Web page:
Hoteliers, take note, you may be underestimating the true worth of your RMS investment
The revenue management system (RMS) plays a crucial role in the modern hotel technology stack, driving greater profitability and productivity, but demonstrating return on investment (ROI) in a hotel’s revenue management technology investment goes deeper than year-over-year RevPAR uplift measurements.
The additional revenue that comes from the proper utilization of revenue management software and strategies directly impacts a hotel’s bottom line, making it a valuable tool for increasing a hotel’s valuation—a keystone in any owner or asset manager’s lens. Increased revenue leads to higher cash flow, which has a number of benefits from giving the hotel greater day-to-day liquidity, to having money in the bank, generating interest and leveraging return on cap. Additionally, the increased revenue generated by an advanced RMS makes further reinvestment in the hotel possible, which of course powers a positive cycle of higher revenues.
When applied to its fullest potential, revenue management technology can additionally positively impact efficiency and improve operational performance across an entire property. Advanced forecasting tools provide powerful insights into business demand, which assists with project planning and staffing. For example, if a hotel can anticipate accurate levels of guest occupancy, it can ensure the optimal amount of staff and avoid under or overstaffing, schedule maintenance appropriately to avoid displacement, forecast and buy power and utilities efficiently.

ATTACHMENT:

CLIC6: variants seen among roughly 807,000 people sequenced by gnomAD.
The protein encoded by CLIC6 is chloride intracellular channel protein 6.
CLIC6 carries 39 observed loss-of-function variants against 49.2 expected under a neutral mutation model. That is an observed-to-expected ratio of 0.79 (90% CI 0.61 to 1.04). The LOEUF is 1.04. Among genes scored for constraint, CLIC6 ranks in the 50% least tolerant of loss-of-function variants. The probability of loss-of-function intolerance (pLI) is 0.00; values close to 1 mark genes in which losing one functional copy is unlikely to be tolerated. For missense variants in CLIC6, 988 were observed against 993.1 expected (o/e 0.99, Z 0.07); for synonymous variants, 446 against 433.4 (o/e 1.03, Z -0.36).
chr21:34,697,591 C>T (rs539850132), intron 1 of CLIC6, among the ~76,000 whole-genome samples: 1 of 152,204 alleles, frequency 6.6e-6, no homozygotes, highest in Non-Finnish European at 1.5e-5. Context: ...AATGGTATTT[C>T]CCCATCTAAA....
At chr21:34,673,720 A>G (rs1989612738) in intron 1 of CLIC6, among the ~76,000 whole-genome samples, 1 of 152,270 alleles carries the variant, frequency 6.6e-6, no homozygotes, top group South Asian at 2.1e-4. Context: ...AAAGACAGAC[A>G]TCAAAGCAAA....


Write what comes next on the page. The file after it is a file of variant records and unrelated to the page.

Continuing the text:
While the benefits of revenue management technology appear clear to many in the industry, there are still some owners and investors reluctant to invest in the technology due to cost concerns. With a wide range of revenue management tools available in the marketplace from freemium to premium, the vital question should be: “What’s my ROI on this system investment?” After all, ROI has been a measurement long used in the hotel industry whether for property investment, advertising spend or capital expenditures. And when it comes to new or improved technology, many hotel owners tend to view cost rather than undertaking an ROI measurement to determine when the technology will pay for itself.
To ascertain ROI, many often look to their performance over the previous year. But that number always has an asterisk next to it, or if it doesn’t, it should. The skepticism with this practice is that it attributes any and all positive growth back to the new technology. Market conditions, changes in business practice, economic climates, convention calendars and more have an impact on revenue, despite any new technology put in place. This is where a better formula, called revenue opportunity uplift (ROU) provides a more authentic picture.
ROU Is the New ROI